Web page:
Wall Street's no-longer-so-secret society: High speed trading gets scrutiny, rivals


An arms race has begun in the secretive world of high frequency trading, the practice of making a high number of trades netting small gains that can add up to big profits at the end of the day. Fueling the competition is the entry of more players into the field as well as technological advances that continue to enhance the speed and quality of trades. A sense of urgency comes from the fact that the industry is bracing for new regulation.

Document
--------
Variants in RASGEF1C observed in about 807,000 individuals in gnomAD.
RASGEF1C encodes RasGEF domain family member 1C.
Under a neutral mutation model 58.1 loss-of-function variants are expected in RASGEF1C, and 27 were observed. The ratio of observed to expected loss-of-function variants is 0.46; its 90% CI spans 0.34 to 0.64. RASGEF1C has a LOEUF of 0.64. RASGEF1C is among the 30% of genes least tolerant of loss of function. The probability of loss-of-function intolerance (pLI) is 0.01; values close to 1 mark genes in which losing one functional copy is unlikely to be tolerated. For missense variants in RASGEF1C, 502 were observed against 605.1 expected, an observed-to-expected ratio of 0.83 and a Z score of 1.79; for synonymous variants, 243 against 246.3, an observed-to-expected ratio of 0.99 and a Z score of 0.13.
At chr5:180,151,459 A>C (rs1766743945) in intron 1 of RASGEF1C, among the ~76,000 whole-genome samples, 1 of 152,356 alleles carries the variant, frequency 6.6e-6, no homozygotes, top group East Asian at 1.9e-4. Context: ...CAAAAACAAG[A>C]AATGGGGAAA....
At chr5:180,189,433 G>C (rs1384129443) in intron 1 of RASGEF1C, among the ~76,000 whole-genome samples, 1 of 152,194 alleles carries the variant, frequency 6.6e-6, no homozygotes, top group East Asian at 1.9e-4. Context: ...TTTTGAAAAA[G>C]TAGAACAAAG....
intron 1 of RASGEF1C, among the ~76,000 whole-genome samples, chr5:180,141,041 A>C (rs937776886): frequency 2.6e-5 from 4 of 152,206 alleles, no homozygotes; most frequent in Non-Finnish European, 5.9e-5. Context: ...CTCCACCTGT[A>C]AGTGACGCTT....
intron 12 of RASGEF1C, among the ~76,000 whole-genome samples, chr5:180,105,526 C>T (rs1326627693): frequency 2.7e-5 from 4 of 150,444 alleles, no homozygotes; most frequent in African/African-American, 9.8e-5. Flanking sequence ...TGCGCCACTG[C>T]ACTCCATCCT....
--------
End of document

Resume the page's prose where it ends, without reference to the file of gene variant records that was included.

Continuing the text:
Becoming increasingly popular in the last couple of years, high frequency trading uses technology and computer algorithms to take advantage of sub-millisecond arbitrage -- or essentially the spread between the buy and the sell price of a stock or commodity that can appear in fractions of a second. But the trading technique has come under scrutiny for several reasons. Some fear that stocks could be manipulated by the practice. There's also the concern that high speed trading gives an unfair advantage to high-rollers and major institutional clients who can afford the expensive, high-tech setups needed to participate.